« Estimating Your FTP | Main | Off-Season Camp »

08/21/2010

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Ted

Joe, I have also observed lower FTP on the TT bike than on the road bike (by 10-15 watts).
The more aggressive the aero position, the more likely the watts are to be lower.

Ken_sharlin

I completely agree with Coach Friel in this case. The only thing I would add is that no one has mentioned who would use this calculation in the first place. The calculation is only useful for the cyclist who has just purchased a power meter and has not yet had an opportunity to go out and peform a 30 minute time trial effort to determine their true lactate threshold based on their average power output. Perhaps another scenario might be to compare the estimate with the actual to ask whether the cyclist is undertraining or whether (if a large difference exists) the power meter needs to be re-calibrated.

Mahting

Hey Joe, I was a little taken aback by the fact that you could estimate such a thing as FTP because I thought it was more "Scientific". fter reading last weeks post about estimating FTP I went ahead and did it. I will make a few comments prior to saying if it worked or not. I train with power, have a very experienced coach, race as a CAT 2 and am a road rider not a multisporter. I have a very accurate read on my FTP. The estimation was almost spot on if I would train specificly for it, however training for crits chages that a little but I was impressed.

Joe Friel

Ted, Yes a very good observation. The more aero you become the more power you sacrifice. It can be a very good trade off for TT and tri however.

Pat

Can FTP be improved? Using your estimation, and testing with my power meter, I seem to be about 30W short of where I should be... can I expect to make up that 30W, or more, in one year of training?

Flemish cyclist

Hi, calculated 262 W, measured 260 W. Wow !

Joe Friel

Pat--It certainly can as I mentioned with examples in my last post on this topic. can you do it in one year? Too many "it depends" to be able to answer that. The last one I mentioned is a pretty basic "it depends" --how many times you ride in a week chronically.

Ethan

Joe- As a cyclist in my 2nd year of riding I'm not sure if my body can handle lot's of training hours week to week. I've been averaging about 10 hours/wk (with some variation depending on the period that I'm in). Two quick questions: Since more saddle time=higher FTP, should we aim for the highest number of yearly hours that we can handle without it having a negative impact on form? And as we become more experienced (from years and years of riding) is a cyclist's body typically able to handle a higher load of workout stress?

Joe Friel

Ethan--Thanks for your comment. Being a bit conservative is always wise regardless of one's experience in the sport. It's just that the absolute volume tends to rise as more experience (and resistance to injury, illness, etc) improves. Ride at a volume always that allows for performance improvement. The key to this is adequate recovery weekly, monthly and annually. All of this is explained in my Cyclist's (and Triathlete's and Mountain Biker's) Training Bible.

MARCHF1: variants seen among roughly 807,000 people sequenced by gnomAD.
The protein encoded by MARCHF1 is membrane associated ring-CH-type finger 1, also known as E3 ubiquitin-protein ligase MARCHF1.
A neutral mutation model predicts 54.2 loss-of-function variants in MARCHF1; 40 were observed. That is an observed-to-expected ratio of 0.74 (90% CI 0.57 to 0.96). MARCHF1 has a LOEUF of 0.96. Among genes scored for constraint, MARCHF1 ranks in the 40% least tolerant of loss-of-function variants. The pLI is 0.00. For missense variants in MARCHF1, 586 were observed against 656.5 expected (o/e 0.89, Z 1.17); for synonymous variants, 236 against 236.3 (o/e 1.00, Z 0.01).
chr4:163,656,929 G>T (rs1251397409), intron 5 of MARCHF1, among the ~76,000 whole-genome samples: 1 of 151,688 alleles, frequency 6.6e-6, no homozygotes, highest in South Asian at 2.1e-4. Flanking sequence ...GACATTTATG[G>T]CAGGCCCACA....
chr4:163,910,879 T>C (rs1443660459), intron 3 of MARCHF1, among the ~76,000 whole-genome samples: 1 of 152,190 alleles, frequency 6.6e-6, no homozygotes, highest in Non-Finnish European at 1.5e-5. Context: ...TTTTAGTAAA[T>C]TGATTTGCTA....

Sean

"So why do I think this happened for each of these triathletes? More time in the saddle."

So does this not say:

More Training = Higher FTP

And does this not go against your basic premise about quality (volume) of training versus quantity?

BTW you are missing the beautiful 110 degree riding weather here in Scottsdale.

Joe Friel

Sean--More time in the saddle also means more opportunities to do quality training.

Lisa

Hi Joe - I'm beginning power training with my indoor cycling class, and have just finished a 30 minute test with them - gave them the chart with percentages to fill in. Here's the problem I encounter when adapting power testing to indoor cycling classes: all of the tests are premised on either an outside ride or an indoor ride in the saddle (efficiency decreases so much out of the saddle). Some of my people do not even ride outdoors, so I want the training to be useful to them as well - they like being out of the saddle - a lot. How do I maintain the accuracy of power zones as measures of intensity and give them the time out of the saddle that they want? I've considered doing separate testing to measure zones out of the saddle - does that make any sense?

Joe Friel

Lisa--Thanks for your comment. Either in or out of saddle is ok for FTP testing. I really don't care which my athletes do. I know they won't stay out of the saddle for 30 minutes straight or in for that matter. They'll undoubtedly do both when riding in a workout anyway. Some are actually slightly more economical when standing. And the economy difference between seated and standing is really insignificant. It's roughly 20-25% for everyone. A much greater concern is the temp of the room they are riding in and the wind moving over their bodies. That's a huge variable.

Angela

I agree with more time on the saddle will improve FTP. I tested this last year, for three base periods riding 18-20 hours per week. At the end, I surprised myself seeing a big 25% increase in my power from my last FTP test done. Believe me, I was very happy and re-tested the following week to make sure the power tap is not broken or reading incorrectly. pretty cool...

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